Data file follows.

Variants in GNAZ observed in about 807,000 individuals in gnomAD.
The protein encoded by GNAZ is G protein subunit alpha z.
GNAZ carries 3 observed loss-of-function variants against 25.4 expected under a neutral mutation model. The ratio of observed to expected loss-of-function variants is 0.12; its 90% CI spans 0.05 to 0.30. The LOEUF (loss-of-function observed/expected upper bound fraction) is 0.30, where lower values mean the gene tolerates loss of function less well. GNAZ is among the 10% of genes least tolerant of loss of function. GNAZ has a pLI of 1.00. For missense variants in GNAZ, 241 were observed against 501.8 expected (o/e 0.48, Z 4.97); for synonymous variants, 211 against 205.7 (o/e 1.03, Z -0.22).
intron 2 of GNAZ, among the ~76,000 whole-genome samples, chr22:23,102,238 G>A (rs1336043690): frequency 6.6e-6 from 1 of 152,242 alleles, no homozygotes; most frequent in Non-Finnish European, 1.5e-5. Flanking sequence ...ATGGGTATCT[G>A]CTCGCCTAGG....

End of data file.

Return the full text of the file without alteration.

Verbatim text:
Variants in GNAZ observed in about 807,000 individuals in gnomAD.
The protein encoded by GNAZ is G protein subunit alpha z.
GNAZ carries 3 observed loss-of-function variants against 25.4 expected under a neutral mutation model. The ratio of observed to expected loss-of-function variants is 0.12; its 90% CI spans 0.05 to 0.30. The LOEUF (loss-of-function observed/expected upper bound fraction) is 0.30, where lower values mean the gene tolerates loss of function less well. GNAZ is among the 10% of genes least tolerant of loss of function. GNAZ has a pLI of 1.00. For missense variants in GNAZ, 241 were observed against 501.8 expected (o/e 0.48, Z 4.97); for synonymous variants, 211 against 205.7 (o/e 1.03, Z -0.22).
intron 2 of GNAZ, among the ~76,000 whole-genome samples, chr22:23,102,238 G>A (rs1336043690): frequency 6.6e-6 from 1 of 152,242 alleles, no homozygotes; most frequent in Non-Finnish European, 1.5e-5. Flanking sequence ...ATGGGTATCT[G>A]CTCGCCTAGG....